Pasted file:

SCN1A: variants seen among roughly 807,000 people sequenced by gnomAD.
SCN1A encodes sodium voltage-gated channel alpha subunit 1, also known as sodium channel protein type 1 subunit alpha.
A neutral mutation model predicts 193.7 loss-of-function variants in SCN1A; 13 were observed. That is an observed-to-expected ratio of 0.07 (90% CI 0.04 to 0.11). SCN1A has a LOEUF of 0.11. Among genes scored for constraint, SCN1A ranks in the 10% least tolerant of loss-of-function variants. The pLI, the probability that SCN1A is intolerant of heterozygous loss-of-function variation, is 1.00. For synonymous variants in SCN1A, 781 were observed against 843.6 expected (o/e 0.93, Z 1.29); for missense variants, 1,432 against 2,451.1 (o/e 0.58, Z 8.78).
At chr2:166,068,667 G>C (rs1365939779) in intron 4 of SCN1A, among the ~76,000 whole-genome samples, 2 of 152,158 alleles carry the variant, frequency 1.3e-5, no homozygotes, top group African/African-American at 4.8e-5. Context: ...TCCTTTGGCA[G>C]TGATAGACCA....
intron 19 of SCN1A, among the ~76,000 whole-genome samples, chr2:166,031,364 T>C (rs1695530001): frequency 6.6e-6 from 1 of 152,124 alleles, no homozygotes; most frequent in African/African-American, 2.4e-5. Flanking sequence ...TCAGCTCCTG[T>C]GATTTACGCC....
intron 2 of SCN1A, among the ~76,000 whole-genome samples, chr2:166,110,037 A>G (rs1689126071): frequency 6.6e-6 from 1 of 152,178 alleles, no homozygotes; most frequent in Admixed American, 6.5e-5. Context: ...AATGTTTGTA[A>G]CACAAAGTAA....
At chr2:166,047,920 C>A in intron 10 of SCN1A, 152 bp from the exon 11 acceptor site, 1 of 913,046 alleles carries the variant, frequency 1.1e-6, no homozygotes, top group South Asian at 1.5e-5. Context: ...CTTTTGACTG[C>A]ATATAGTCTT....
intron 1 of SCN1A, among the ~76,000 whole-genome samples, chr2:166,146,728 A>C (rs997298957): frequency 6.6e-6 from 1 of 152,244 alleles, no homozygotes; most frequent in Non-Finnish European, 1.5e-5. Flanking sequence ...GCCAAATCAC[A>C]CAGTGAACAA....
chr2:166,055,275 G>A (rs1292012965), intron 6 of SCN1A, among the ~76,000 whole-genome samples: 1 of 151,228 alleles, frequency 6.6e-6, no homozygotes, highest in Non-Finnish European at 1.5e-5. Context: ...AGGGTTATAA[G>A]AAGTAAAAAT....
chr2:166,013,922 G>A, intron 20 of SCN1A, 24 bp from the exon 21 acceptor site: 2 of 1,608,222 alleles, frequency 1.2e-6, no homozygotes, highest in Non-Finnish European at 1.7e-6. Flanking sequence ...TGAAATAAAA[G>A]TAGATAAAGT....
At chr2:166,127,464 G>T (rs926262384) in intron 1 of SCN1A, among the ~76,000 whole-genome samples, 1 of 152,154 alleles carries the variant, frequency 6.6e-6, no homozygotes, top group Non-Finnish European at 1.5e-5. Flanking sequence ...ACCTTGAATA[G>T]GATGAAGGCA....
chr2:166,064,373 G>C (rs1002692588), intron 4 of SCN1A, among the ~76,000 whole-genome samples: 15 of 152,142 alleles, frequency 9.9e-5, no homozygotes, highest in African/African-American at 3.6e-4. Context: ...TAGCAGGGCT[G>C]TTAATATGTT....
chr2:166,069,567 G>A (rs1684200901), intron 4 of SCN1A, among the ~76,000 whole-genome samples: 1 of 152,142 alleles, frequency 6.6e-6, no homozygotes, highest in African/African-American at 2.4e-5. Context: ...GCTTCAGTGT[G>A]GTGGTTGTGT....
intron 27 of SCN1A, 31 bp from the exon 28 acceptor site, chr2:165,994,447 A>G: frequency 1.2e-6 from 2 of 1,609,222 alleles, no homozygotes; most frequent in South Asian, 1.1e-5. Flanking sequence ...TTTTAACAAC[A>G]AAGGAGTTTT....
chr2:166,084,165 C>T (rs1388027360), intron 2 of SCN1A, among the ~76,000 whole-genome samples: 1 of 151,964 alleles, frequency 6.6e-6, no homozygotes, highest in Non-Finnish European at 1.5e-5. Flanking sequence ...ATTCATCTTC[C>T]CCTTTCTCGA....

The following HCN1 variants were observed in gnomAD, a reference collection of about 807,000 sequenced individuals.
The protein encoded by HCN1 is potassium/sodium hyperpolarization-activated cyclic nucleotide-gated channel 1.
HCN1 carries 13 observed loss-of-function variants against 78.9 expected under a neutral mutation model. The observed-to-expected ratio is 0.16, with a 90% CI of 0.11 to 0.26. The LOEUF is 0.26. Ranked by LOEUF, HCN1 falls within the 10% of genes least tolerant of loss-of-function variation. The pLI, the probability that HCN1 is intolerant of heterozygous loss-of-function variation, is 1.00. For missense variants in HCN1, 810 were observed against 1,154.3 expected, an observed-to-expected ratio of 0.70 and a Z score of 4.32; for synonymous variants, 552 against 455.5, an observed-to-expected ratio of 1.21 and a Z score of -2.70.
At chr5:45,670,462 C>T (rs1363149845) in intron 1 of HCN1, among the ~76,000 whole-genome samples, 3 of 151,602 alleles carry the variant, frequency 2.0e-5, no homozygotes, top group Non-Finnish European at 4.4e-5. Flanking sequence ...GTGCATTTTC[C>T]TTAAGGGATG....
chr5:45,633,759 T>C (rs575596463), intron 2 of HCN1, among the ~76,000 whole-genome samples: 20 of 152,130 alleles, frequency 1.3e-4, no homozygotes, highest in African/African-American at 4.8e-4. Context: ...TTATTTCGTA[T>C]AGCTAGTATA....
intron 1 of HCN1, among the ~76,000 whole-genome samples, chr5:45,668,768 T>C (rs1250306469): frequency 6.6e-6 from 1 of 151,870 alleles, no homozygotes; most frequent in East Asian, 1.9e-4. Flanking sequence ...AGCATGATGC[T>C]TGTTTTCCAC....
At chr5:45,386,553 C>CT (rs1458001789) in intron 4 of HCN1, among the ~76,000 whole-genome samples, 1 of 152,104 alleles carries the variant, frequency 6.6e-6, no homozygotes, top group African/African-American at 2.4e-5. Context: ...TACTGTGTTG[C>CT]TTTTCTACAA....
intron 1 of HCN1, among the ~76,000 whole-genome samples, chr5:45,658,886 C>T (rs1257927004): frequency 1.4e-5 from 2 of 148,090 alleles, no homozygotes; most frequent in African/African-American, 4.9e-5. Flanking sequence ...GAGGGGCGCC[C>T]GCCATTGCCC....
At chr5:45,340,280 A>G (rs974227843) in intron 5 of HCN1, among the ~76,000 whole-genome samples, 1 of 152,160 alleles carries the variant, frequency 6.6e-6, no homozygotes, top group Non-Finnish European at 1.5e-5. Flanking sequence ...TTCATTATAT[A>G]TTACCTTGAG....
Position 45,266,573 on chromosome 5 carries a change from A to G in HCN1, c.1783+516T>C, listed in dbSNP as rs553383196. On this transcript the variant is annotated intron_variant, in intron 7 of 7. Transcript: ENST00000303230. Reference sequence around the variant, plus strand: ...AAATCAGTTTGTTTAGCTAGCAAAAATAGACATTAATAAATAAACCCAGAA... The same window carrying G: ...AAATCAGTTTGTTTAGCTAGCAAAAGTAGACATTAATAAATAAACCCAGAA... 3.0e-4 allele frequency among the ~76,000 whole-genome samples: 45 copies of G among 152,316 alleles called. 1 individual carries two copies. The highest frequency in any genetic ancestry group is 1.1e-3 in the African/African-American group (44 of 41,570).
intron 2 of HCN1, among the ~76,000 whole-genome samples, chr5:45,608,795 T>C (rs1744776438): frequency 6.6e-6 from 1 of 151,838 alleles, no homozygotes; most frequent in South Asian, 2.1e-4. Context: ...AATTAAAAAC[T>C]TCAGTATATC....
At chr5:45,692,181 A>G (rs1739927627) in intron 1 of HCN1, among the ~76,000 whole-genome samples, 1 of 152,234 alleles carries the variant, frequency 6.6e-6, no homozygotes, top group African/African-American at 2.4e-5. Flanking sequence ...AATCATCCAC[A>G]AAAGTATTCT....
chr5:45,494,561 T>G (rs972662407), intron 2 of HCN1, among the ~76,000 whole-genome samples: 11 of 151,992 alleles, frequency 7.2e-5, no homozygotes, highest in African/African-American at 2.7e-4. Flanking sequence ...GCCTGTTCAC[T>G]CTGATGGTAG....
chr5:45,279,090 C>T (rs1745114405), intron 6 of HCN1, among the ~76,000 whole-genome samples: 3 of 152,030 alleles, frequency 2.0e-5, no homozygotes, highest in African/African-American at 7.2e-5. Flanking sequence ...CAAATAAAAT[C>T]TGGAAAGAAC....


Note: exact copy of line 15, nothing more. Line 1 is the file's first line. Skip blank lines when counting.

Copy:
chr2:166,084,165 C>T (rs1388027360), intron 2 of SCN1A, among the ~76,000 whole-genome samples: 1 of 151,964 alleles, frequency 6.6e-6, no homozygotes, highest in Non-Finnish European at 1.5e-5. Flanking sequence ...ATTCATCTTC[C>T]CCTTTCTCGA....